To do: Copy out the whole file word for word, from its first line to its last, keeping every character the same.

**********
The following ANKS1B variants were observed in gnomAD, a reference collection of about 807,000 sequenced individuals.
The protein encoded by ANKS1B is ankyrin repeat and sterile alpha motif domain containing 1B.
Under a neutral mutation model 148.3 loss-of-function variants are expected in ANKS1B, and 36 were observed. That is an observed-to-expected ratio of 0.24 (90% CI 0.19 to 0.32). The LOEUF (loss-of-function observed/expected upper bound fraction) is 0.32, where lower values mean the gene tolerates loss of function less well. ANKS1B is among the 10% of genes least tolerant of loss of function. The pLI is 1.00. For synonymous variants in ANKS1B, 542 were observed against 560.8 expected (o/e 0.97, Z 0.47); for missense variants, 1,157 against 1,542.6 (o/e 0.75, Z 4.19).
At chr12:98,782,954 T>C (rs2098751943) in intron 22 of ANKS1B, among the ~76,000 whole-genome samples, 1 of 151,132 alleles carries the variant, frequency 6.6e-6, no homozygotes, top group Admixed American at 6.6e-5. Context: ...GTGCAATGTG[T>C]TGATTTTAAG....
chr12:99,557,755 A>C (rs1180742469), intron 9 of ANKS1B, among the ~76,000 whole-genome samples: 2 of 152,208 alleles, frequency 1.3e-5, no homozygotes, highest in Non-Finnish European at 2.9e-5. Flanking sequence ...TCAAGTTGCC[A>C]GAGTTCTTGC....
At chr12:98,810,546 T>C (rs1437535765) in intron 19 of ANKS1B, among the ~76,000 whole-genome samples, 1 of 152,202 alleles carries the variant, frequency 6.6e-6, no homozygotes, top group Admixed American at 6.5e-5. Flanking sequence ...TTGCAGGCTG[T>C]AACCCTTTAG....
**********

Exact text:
The following ANKS1B variants were observed in gnomAD, a reference collection of about 807,000 sequenced individuals.
The protein encoded by ANKS1B is ankyrin repeat and sterile alpha motif domain containing 1B.
Under a neutral mutation model 148.3 loss-of-function variants are expected in ANKS1B, and 36 were observed. That is an observed-to-expected ratio of 0.24 (90% CI 0.19 to 0.32). The LOEUF (loss-of-function observed/expected upper bound fraction) is 0.32, where lower values mean the gene tolerates loss of function less well. ANKS1B is among the 10% of genes least tolerant of loss of function. The pLI is 1.00. For synonymous variants in ANKS1B, 542 were observed against 560.8 expected (o/e 0.97, Z 0.47); for missense variants, 1,157 against 1,542.6 (o/e 0.75, Z 4.19).
At chr12:98,782,954 T>C (rs2098751943) in intron 22 of ANKS1B, among the ~76,000 whole-genome samples, 1 of 151,132 alleles carries the variant, frequency 6.6e-6, no homozygotes, top group Admixed American at 6.6e-5. Context: ...GTGCAATGTG[T>C]TGATTTTAAG....
chr12:99,557,755 A>C (rs1180742469), intron 9 of ANKS1B, among the ~76,000 whole-genome samples: 2 of 152,208 alleles, frequency 1.3e-5, no homozygotes, highest in Non-Finnish European at 2.9e-5. Flanking sequence ...TCAAGTTGCC[A>C]GAGTTCTTGC....
At chr12:98,810,546 T>C (rs1437535765) in intron 19 of ANKS1B, among the ~76,000 whole-genome samples, 1 of 152,202 alleles carries the variant, frequency 6.6e-6, no homozygotes, top group Admixed American at 6.5e-5. Flanking sequence ...TTGCAGGCTG[T>C]AACCCTTTAG....